Doctor insights on:
Ketotifen Warnings And Recalls
Celandine: When given orally in material quantities, greater celandine has been implicated in more than a dozen cases of hepatitis. This seems to depend on the dose. The time between use and the appearance of hepatitis varies. Topically, greater celandine can cause contact dermatitis. Homeopathic preparations of this herb do not cause these issues -- this would be the remedy named chelidonium. ...Read more
Confused by prescription terms qid, qd, qhs, etc. Are there official guidelines for pharmacists for writing instructions on the labels on bottles? Any website?
Not for patients: Any good pharmacy would never write the abbreviated doctor shorthand on the bottle of medication you get. If you are unsure of anything, have them relabel the bottle in words that you can understand. If you are asking before the prescription is filled and you want to know, consult a pharmacy or medical shorthand manual on latin prescription abbreviations. ...Read moreSee 1 more doctor answer
Not for children &: Teens in this country. I've never heard of their use in adults, but the psychiatrists on panel may have. The stimulants methylphenidate & amphetamine remain 1st line treatment with 80-90% efficacy when doses are titrated for optimal effect without significant side effects.Non- stimulants atomoxetine & long-acting Guanfacine have ~ 65% efficacy when used as single agents titrated optimally. ...Read moreSee 1 more doctor answer
No: They are both obtainable by prescription only. ...Read more
None: Lutein supplements are given as an adjunct for the support of the health of the macula. This is largely theoretical but there is a large nih study underway currently to study this particular substance. Since the fda does not regulate health store supplements, if you feel lutein is of value, get them from a source from a major pharmaceutical company like alcon or bausch and lom. ...Read more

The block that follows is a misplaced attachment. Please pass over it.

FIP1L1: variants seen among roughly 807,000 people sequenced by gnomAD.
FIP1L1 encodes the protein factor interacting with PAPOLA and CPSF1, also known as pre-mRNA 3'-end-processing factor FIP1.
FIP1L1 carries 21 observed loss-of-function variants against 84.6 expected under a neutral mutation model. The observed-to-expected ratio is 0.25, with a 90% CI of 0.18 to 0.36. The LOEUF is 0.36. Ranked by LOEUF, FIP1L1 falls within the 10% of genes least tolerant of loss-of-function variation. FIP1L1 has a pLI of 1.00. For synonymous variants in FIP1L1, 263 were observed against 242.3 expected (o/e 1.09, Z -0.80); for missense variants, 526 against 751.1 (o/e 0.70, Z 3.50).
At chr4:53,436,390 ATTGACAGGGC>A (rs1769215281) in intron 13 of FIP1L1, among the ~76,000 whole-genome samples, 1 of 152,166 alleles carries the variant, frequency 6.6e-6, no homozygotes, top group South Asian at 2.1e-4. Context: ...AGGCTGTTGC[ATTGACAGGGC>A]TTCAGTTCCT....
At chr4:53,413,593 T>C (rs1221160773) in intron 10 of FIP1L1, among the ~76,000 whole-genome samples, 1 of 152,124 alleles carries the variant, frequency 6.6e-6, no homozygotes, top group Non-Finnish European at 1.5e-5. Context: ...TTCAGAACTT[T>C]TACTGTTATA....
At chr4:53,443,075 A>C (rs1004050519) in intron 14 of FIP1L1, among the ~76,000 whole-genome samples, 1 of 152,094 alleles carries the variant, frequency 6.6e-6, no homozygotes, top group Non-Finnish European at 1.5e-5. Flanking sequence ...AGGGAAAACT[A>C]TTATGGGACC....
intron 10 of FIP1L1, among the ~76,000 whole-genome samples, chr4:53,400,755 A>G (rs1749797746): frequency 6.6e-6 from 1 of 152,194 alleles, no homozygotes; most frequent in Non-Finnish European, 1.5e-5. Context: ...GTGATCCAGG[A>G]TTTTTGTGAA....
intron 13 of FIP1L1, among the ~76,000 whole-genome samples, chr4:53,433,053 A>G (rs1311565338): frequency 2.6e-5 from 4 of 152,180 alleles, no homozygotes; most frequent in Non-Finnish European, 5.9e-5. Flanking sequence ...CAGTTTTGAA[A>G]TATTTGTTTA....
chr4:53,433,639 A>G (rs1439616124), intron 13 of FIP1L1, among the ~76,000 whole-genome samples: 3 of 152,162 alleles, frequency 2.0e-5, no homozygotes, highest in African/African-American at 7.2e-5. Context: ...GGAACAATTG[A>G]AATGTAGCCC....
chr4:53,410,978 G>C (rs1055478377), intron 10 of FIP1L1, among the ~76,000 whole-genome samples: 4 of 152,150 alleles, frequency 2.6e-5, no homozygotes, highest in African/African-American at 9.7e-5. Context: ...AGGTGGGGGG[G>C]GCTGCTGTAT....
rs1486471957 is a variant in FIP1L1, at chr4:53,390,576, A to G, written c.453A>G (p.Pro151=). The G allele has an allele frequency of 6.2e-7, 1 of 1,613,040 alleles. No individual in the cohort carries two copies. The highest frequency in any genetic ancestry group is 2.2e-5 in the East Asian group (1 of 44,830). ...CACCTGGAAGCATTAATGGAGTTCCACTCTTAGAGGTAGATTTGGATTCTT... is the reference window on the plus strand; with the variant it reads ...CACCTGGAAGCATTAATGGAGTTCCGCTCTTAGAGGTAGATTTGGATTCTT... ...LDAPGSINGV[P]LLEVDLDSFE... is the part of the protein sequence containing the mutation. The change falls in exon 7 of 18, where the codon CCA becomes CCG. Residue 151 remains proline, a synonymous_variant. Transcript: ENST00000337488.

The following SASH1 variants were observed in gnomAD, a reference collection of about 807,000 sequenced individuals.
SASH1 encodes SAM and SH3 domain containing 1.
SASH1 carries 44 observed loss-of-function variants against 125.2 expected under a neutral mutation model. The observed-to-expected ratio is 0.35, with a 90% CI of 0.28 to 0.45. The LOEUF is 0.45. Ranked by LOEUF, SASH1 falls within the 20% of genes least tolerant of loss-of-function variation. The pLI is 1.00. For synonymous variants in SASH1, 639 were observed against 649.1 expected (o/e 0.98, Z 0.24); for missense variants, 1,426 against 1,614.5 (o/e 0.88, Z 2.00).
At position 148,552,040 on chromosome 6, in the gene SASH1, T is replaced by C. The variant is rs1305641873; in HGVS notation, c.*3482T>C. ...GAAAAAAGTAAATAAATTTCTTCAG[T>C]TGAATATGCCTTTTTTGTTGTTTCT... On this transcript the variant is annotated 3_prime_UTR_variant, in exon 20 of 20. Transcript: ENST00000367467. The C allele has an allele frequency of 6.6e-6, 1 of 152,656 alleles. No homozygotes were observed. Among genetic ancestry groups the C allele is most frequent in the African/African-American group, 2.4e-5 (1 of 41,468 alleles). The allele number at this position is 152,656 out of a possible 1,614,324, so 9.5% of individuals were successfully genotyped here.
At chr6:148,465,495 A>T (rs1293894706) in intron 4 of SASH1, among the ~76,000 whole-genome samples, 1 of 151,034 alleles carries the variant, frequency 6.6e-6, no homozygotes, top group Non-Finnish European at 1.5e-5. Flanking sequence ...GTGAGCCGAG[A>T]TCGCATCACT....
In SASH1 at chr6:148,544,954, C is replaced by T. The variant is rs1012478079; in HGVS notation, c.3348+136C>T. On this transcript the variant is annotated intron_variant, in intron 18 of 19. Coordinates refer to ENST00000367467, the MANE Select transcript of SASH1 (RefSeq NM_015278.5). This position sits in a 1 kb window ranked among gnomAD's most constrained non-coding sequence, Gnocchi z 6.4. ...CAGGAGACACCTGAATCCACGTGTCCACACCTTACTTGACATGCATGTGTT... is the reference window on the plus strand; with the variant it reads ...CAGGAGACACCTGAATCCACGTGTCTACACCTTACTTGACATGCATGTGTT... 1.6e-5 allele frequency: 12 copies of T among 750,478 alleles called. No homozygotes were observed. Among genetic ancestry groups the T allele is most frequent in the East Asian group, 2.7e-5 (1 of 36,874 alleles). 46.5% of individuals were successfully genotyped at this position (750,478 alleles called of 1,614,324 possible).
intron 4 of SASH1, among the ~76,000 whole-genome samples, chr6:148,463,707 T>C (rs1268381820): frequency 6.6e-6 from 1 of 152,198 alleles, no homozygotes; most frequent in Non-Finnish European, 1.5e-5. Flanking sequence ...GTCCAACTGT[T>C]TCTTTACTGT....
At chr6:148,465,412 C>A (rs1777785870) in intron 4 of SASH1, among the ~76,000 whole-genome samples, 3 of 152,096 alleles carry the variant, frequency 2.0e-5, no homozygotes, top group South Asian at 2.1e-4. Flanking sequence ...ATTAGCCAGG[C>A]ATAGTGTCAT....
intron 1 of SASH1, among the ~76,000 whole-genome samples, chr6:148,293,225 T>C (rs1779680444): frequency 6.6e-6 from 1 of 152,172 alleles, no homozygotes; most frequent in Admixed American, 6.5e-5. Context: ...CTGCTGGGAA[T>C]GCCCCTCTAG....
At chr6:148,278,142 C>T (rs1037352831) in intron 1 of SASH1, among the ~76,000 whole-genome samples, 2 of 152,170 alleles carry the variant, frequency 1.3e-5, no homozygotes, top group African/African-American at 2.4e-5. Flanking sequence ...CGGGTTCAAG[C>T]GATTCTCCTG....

All relative: Compared to other products that fda is not doing much to control, i would say people who worry about anti-inflammatories are barking up the wrong tree. Have you looked at the wild claims herbal supplements make on rows upon rows of store shelves recently? There are all kinds of joint, sex, brain, liver health promoting products. Are they as safe as anti-inflammatories? Fda has no data and no idea. ...Read more
YES: This drug is a proven SECOND line treatment for Type 2 Diabetes and I assume it is being prescribed by YOUR Primary Care or Diabetes Care Professional! The B oxed Warnings on ANY Prescription Drug include a litany of side effects etc etc Follow your Health Care Professional's advice Hope this helps! Dr Z ...Read more
Dr. Thomas, why have so many patients been reviewing and reporting that switching from brand name Lexapro (escitalopram) to generic has caused adverse reactions?
Well...: In theory, there should be no difference in efficacy or adverse reactions between Lexapro (escitalopram) & generic lexapro (escitalopram). However, it is possible to have a reaction to the inert substances used in the formulation of generic lexapro (escitalopram). If you are buying generic Lexapro (escitalopram) on the internet, there's no guarantee of purity, efficacy, or adverse reaction rates. ...Read more